7. Geolocalisation. Thanks once again to the apps, a digital catalogue can not only serve as something to be read before or after the visit, but also during the visit as a means of connecting with the museum thanks to technologies such as the beacons.
  8. Remix. One of the possibilities that the digital format has brought with it is the fragmentation of the content, opening up the possibility for the readers to be able to publish their own content based on different publications.
  9. Micropayment and pay-as-you-go. In the same way as the editor can opt for a model that remixes the contents, it can also be made possible for the readers to buy chapters or separate articles/essays from the catalogues, or, in those cases in which the they opt for reading online, to try out a model of pay-as-you-go.
  10. Audio-guides that complement the catalogue.  Many museums are searching for different formulas for offering the content of the catalogues in audio-guide format that the visitors can take away with them at the end of the visit, such as the model of Seebook and Nubart from Digital tangible. The generalized use of the smartphones has opened up new possibilities when designing and creating audio-guides (which in reality are no longer necessarily limited to only being “audio”), allowing new approaches for each case.

  11. Crowdfunding. The campaigns for crowdfunding are not only useful for funding projects as we have seen in various cases in which works or restorations have been achieved, and which in the case of a catalogue can be particularly costly, but also for creating their own land which is suitable for the relation and inclusion of the visitors and the friends of the museum with the projects of the institution.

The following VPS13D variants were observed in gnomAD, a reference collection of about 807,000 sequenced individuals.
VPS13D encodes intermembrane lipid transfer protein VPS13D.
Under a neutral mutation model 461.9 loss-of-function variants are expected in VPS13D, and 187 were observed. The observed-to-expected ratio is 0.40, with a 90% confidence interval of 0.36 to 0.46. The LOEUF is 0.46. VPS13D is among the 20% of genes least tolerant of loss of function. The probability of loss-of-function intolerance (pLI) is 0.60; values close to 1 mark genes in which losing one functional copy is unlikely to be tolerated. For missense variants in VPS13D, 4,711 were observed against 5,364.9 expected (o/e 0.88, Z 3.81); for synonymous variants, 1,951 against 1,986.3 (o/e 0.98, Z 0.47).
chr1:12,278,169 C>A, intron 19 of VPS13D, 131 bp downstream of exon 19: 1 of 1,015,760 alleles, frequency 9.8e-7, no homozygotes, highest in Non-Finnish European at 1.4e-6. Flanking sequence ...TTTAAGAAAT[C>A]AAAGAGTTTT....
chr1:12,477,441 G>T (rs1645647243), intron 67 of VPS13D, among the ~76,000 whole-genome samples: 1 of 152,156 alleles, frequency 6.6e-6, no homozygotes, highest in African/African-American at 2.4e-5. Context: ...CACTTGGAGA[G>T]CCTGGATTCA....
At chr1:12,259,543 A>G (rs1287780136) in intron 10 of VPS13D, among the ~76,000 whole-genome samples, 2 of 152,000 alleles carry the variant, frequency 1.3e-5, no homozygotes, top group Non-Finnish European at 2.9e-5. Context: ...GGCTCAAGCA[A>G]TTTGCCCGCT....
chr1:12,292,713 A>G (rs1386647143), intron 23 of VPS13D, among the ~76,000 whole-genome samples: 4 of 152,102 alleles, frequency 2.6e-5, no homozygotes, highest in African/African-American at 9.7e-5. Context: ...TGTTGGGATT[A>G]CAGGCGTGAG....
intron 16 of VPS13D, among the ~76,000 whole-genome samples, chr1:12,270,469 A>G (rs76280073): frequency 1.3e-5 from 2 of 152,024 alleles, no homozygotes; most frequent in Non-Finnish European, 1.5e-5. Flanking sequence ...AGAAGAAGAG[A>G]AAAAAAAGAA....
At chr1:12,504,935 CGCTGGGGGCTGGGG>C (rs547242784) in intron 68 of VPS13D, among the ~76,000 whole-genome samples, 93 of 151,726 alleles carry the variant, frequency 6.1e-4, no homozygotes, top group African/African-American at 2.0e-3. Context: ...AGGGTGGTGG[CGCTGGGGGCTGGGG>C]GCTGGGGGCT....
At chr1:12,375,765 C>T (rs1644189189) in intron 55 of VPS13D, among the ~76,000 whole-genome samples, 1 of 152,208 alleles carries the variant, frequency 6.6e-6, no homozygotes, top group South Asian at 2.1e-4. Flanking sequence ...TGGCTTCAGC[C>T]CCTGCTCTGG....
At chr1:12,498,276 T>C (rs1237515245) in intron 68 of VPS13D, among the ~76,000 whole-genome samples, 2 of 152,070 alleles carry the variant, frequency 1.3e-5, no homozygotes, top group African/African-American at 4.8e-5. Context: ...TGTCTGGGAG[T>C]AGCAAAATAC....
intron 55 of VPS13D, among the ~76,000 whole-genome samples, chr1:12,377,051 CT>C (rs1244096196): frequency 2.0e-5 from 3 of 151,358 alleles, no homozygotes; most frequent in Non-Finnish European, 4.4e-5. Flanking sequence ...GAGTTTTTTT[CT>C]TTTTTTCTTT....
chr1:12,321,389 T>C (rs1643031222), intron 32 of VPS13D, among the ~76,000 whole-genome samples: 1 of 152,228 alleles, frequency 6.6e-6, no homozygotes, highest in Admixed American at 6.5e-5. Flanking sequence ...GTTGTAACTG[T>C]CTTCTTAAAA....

12. Defining the pricing strategy of the catalogues and publications.  Prior to initiating any of the previous points, the first thing is to design a strategy for not changing an idea each time that a new technology appears.  The MOMA (Museum of Modern Art) offers an extensive catalogue of Books for sale.

We know the importance and tone, on occasions academic and scholarly, that some institutions give to the catalogues, but this isn’t a reason for being afraid of adapting to the new media, in the same way as they do when experimenting with new technologies for attracting new visitors, as well as offering new experiences for their users.

Javier Celaya
Founder of

Recommended links:

Genesis and process of the digital catalogues in the Fundación Juan March

The Guggenheim Puts 109 Free Modern Art Books Online

OSCI toolkit, tool for open source digital publishing developed by the IMA (Indianapolis Museum of Art)

Creative industries digital business models, Javier Celaya, 2015.